Summary: Tongues & Prophecy Part 1 - – sermon by Gordon Curley PowerPoint slides to accompany this talk are available on request – email:


(1). Tongues & Prophecy – Two Views:

• Cessationism

• Charismatic

(2). Some Introductory Remarks:

• We are studying 1st Corinthians, not just tongues and prophesy

• The main subject of chapters 12-14 is spiritual gifts

• Paul addresses chapter 14 to a local church, not an individual

• The apostle Paul is primarily writing to correct a problem

(3). Tongues and Prophecy a Definition:

• What do we mean by tongues?

• What do we mean by prophecy?



• Two local Churches of differing denominations;

• Were located only a few streets from each other in a small community.

• So they thought it might be better if they would merge;

• And this way become one united body, larger and more effective,

• Rather than two small struggling churches.

• Good idea ... but both were too petty to pull it off.

• The problem? They couldn't agree on how they would recite the Lord's Prayer.

• One group wanted "forgive us our trespasses"

• While the other group demanded "forgive us our debts."

• Sadly news of this failed merger reached the local newspaper;

• And the news­paper reported the story saying;

• That “one church went back to its trespasses while the other returned to its debts!”

• TRANSITION: Now as silly as this story seems,

• It's a classic case of majoring on the minors.

• There are certain truths which are essential,

• The fundamentals of the Christian faith;

• i.e. Jesus is the Son of God.

• i.e. The substitutionary death of Jesus on the cross.

• i.e. The physical resurrection of Jesus from the dead.

• With these truths there is no compromise, they are not for negotiation!

• Deny these truths and you cannot be a Christian;

• They are core to the Christian faith.

But there are other issues which are secondary:

• That means that Christians can and will disagree on certain issues;

• Their understanding and therefore practices will be different.

• i.e. Differences over forms and styles of church leadership.

• (Should you have Elders, a Vicar, a Pastor or a leadership Team?)

• i.e. Differences over patterns of worship?

• (Liturgical and ‘non-liturgical’; traditional and modern; restrained and extrovert)

• Into this secondary group I would add;

• Particular emphases about the gifts of the Holy Spirit including tongues and prophecy

• It is secondary because it does not affect your salvation and key beliefs:

• i.e. you can be a charismatic Christian or a cessationist Christian.

• And you will still be a Christian! And still be a godly Christian!

As with any of the different gifts mentioned in the New Testament:

• We noted in previous studies;

• There are at least 28 spiritual gifts which have their definition revealed to us in the Bible;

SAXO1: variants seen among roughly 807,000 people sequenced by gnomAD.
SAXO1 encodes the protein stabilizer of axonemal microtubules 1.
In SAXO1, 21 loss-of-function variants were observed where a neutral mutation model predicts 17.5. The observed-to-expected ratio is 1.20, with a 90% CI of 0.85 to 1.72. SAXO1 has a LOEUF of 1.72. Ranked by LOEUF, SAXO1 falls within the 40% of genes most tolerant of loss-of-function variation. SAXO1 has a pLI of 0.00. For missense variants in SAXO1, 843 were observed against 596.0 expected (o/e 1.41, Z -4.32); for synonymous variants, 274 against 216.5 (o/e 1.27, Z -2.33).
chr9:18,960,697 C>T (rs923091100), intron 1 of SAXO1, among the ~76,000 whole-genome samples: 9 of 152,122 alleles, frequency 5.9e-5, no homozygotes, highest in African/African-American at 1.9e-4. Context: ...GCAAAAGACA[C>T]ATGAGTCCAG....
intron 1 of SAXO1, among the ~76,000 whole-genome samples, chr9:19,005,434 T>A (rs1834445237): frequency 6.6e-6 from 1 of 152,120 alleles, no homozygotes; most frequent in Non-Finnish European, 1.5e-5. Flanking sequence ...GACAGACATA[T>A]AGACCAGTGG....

• And they fall into three natural categories:

• Support gifts (e.g. Evangelist, teacher, pastor)

• Foundational gifts that provided direction & leadership for the Church.

• Service gifts (e.g. Administration, giving, helping, serving).

• Gifts that work ‘behind the scene’ building up the body of Christ.

• Sign gifts (e.g. Miracles, tongues, word of knowledge).

• Supernatural gifts that manifested the Holy Spirit’s power,

• Now a Church can function and go on and grow without any one of those 28 gifts!

• Because no one gift is in itself essential to a local Church functioning.

• So a Church can grow without some of these gifts being present;

• Not every Church will have every gift.

• Although I want to say and emphasise;

• That a Church will operate better the more gifts that it has;

• When those gifts are used correctly.

Quote: The term ‘spiritual gift’ simply means:

"A skill or ability that enables each Christian to perform a function in the body of Christ with ease and effectiveness".


• The Detroit News carried a story about the American comedian Bill Cosby's aged mother;

• The story illustrates how useless gifts are unless they are used.

• She had been raised in poverty, and the family had very little money.

• As a result, she never had modern conveniences;

• And had gotten accustomed to doing things the hard way.

• When the children were old enough to get jobs,

• They often gave their mother electrical appliances as Christmas gifts;

• Thinking it would make her life easier - but she wouldn't use them.

• Bill especially remembered that after a while his mother had two or three toasters.

• But she left them in their boxes and put them on top of the refrigerator.

• At breakfast she would still do the toast in the oven.

• If the boys protested, she would say,

• "Leave them on the refrigerator. I'm used to doing it the old way."

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